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What are Canada’s blue chip stocks?

We explain why investing in blue chip stocks can be a good strategy.

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If you’re interested in investing in the stock market, you’ve probably come across the term ‘blue chip’ stocks. You may be wondering what they are and how you can invest in them.

The term is a little vague, but generally speaking blue chip stocks are major listed companies that have had a good financial track record spanning many years. These kinds of companies tend to be safer and less volatile than other stocks and often pay a dividend.

During a stock market crash, a recession or market volatility, you’ll often hear analysts suggest blue chip stocks to buy. The reasoning here is that major companies are more likely to weather a storm and hence their impacted stock prices are expected to rise again after the crisis ends.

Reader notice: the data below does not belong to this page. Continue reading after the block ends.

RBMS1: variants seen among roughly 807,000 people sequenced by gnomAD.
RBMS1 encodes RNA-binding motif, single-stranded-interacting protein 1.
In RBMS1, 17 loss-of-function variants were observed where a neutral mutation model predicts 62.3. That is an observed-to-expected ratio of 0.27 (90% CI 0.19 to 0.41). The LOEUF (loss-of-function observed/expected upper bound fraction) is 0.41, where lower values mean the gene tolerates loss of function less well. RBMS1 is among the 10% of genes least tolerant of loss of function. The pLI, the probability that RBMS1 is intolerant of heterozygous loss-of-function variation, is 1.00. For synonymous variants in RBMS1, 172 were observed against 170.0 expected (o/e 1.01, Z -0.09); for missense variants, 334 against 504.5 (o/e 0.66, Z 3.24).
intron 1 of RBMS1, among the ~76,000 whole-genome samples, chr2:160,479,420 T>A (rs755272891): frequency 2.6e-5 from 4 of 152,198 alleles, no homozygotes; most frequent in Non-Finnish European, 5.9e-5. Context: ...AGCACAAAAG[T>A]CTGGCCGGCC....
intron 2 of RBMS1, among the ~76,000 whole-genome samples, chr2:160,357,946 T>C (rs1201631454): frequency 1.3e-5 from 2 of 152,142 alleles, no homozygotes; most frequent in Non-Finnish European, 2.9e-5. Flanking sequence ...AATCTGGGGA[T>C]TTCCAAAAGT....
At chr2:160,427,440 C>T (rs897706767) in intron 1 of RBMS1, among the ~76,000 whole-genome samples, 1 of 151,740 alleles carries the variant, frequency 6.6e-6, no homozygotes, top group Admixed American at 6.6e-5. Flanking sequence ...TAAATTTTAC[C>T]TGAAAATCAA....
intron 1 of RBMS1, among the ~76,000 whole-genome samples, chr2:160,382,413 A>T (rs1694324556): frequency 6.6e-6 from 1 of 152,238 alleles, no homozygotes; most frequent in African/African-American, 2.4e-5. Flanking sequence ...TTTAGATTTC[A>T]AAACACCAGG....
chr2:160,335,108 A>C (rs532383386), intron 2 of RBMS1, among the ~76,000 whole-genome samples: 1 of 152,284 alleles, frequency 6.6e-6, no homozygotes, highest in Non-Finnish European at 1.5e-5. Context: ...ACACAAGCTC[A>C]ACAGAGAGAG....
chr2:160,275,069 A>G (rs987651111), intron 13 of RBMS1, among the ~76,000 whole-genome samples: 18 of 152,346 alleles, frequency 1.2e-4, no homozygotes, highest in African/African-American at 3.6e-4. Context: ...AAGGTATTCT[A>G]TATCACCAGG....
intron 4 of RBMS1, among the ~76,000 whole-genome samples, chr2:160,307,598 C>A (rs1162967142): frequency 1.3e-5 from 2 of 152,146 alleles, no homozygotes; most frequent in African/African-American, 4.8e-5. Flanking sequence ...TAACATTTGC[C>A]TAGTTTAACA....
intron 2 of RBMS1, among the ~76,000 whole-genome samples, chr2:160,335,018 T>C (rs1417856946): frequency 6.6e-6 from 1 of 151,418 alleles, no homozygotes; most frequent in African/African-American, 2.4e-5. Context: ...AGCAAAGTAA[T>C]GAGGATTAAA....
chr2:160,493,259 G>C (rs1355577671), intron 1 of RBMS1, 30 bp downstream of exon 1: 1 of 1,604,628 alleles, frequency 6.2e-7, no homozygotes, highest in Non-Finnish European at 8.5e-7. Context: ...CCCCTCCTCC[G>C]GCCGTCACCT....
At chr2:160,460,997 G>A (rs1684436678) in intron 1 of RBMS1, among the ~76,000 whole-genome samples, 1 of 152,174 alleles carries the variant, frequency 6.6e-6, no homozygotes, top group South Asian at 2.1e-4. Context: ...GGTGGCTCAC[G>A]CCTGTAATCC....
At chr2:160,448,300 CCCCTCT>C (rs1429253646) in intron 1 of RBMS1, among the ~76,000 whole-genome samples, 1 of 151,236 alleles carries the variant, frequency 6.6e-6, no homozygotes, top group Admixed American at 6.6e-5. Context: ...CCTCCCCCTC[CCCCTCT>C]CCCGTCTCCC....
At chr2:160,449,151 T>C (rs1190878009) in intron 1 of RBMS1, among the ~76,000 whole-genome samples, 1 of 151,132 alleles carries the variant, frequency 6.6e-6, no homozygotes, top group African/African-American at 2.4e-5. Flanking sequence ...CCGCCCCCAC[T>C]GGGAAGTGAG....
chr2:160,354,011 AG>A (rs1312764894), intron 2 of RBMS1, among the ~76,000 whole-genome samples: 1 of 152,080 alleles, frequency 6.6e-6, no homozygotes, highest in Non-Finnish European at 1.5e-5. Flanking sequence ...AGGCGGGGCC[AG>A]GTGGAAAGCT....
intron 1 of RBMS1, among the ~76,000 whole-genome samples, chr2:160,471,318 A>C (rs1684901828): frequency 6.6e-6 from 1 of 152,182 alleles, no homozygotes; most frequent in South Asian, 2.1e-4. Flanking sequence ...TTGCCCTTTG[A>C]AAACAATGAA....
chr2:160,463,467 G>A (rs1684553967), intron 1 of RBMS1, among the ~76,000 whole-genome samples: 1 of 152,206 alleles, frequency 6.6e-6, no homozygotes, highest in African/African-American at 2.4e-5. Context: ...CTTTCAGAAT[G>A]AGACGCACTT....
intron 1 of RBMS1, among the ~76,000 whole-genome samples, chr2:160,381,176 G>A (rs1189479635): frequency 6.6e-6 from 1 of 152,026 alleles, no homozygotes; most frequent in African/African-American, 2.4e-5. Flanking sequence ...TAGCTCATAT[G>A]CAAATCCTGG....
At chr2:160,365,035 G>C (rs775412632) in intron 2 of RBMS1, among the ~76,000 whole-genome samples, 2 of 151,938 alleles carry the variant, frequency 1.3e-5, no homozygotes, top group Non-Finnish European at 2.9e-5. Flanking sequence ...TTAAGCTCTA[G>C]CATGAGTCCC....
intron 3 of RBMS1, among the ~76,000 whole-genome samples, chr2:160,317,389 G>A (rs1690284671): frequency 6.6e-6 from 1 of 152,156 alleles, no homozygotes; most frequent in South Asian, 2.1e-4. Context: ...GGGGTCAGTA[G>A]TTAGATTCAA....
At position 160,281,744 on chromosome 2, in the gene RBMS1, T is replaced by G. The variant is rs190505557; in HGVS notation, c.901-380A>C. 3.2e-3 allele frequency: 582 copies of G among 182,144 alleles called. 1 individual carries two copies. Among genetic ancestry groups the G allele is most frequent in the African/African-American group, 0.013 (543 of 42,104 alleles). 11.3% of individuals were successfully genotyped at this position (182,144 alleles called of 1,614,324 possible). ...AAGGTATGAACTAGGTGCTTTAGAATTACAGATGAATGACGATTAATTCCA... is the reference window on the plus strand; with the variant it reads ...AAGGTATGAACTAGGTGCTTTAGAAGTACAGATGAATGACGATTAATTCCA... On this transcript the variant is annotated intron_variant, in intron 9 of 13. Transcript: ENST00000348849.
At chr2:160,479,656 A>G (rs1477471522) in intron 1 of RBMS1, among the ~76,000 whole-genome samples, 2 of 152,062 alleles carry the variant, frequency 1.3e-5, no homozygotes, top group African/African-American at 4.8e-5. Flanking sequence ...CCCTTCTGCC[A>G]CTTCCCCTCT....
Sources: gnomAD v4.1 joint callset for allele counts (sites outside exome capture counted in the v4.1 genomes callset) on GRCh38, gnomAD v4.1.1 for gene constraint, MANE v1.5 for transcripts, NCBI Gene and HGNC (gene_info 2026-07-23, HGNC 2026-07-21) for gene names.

What are blue chip stocks?

Some of the typical characteristics of a blue chip company includes:

  • Large company
  • Good financial track record
  • Older companies
  • Pays dividends

What are Canada’s blue chip stocks?

There’s no official list of ‘blue chip’ stocks – the closest we have is the list of companies on the S&P/TSX 60 index, a list of Canada’s top companies by market capitalization. It includes companies with a history of providing steady returns and minimal volatility to investors. These companies are spread across a range of market sectors, including:

Information from web.tmxmoney.com on June 8, 2021.

Banking and financial services

Companies in Canada’s financial sector make up a large portion of the nation’s top stocks. These companies tend to have a history of providing large dividends and include Brookfield Asset Management Inc. as well as the “Big 5” banks: RBC, TD, Bank of Nova Scotia, Bank of Montreal and CIBC.